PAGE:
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Advice on how to prepare for life after government.

Delayed Gratification

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If you had retired at the end of 2007, by now you probably would be thinking that you should've received your third full retirement check, for the month of March. (January and February, presumably, would have come in earlier checks.) But if you had anything but a straightforward career -- say, 30 years of uninterrupted service with the same agency -- you still might be waiting for your first check reflecting the officially approved amount of your monthly retirement benefit.

That's because a host of issues can lengthen the amount of time it takes the Office of Personnel Management to finalize your retirement. Here are some of them:

  • You retired under the Civil Service Retirement System-Offset system (especially if you are 62 or older).
  • During an open season or upon being rehired into government, you transferred to the Federal Employees Retirement System from CSRS or CSRS Offset.
  • Your divorce decree provides retirement benefits, a survivor annuity, or both to your former spouse.
  • Before your retirement, you paid a military deposit or a civilian service credit deposit and the record of that payment was not submitted with your retirement.
  • During part of your career, you worked on a less than full time schedule.
  • Your retirement was processed as disability rather than "optional voluntary."
  • You worked as a law enforcement officer, firefighter or air traffic controller.
  • A period of your career has not been properly documented.
  • There is a question as to whether or not you are in the proper retirement system.

During the time your retirement is being finalized, OPM places you on "interim" status. "We try to provide you with income until we finish processing your application," the agency says on its Web site. Generally, those payments average more than 85 percent of the final benefit you'll receive. But beware of that word "generally."

Small Checks

Here's a case in point.

Robert retired on Jan. 3, 2008, under CSRS Offset. He had more than 22 years of service, which should entitle him to a retirement benefit equal to about 40 percent of his high-three average salary -- which is around $90,000. That means his retirement should be about $36,000 per year, or $3,000 a month. With reductions because he is older than 62 and the fact that he's provided a survivor annuity, his adjusted benefit would be between $2,000 and $2,200 per month. Also, Robert has paid a deposit to receive credit for military service, and worked on and off for the U.S. Postal Service back in the 1960s.

In finalizing Robert's retirement, OPM needed to make sure that he was in the correct retirement system and that his deposit for his military service actually was paid. The agency also had to find out how much he was entitled to in the way of Social Security benefits.

Considering Robert's situation, by now he should have received at least $5,000 in payments for January, February and March. But as of last week, he had received only two checks -- one for $267 and one for $297. It seems unlikely that's anywhere near 85 percent of his earned retirement benefit.

Robert has inquired numerous times about the size of his benefit and the status of his retirement application, but without much success. "There is no longer an actual relationship between your estimate and the amount of interim payments," one response said. "Adjudication of your case will be completed in about four to six weeks. At that time any underpayments will be reconciled. If you feel the current amount of payment is inadequate for your needs please call the current office to which your case is assigned."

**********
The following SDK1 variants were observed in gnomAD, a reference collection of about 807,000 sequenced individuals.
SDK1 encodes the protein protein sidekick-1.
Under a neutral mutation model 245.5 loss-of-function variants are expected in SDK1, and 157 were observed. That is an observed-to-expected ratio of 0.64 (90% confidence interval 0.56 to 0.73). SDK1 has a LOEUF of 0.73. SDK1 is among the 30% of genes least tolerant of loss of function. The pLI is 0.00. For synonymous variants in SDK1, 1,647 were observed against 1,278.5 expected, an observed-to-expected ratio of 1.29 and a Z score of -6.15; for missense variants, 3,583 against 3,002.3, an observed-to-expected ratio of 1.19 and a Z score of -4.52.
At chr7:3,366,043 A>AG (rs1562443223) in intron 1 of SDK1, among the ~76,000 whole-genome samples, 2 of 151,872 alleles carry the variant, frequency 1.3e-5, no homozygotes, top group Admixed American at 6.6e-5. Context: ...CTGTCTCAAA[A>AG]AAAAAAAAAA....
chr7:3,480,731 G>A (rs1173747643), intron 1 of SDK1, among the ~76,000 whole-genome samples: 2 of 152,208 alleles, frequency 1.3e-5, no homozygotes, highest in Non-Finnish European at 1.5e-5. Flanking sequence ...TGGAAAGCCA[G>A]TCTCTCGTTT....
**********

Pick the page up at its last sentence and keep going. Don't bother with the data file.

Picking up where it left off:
Be Prepared

I'm sure that Robert isn't the only person who left government earlier this year who has yet to have their retirement finalized. One reason OPM is trying to modernize the retirement processing system is to avoid these types of situation in the future.

In the meantime, the best thing to do if you're planning to retire soon is to expect the best and prepare for the worst. Make sure you have some money to live on for the first few months of your transition to retirement. Here are some types of income you might be able to rely on:

  • A lump-sum payment for annual leave. (That's what Robert has been living on.)
  • Another paycheck, if you have switched to a nonfederal job.
  • Savings or investments. You can choose to take a partial withdrawal from your Thrift Savings Plan once you are off your agency's payroll. (It's best to wait until you've been gone for 30 days.)
  • If you are 62 or older, you can apply for Social Security benefits.

Finally, as I noted earlier this year, it's always a good idea to educate yourself about the retirement process to make the transition as smooth as possible.

Tammy Flanagan is the senior benefits director for the National Institute of Transition Planning Inc., which conducts federal retirement planning workshops and seminars. She has spent 25 years helping federal employees take charge of their retirement by understanding their benefits.

 

Tammy Flanagan is the senior benefits director for the National Institute of Transition Planning Inc., which conducts federal retirement planning workshops and seminars. She has spent 25 years helping federal employees take charge of their retirement by understanding their benefits.

For more retirement planning help, tune in to "For Your Benefit," presented by the National Institute of Transition Planning Inc. live on Federal News Radio on Mondays at 10 a.m. ET on WFED AM 1500 in the Washington-metro area. Archived shows are available on NITPInc.com.

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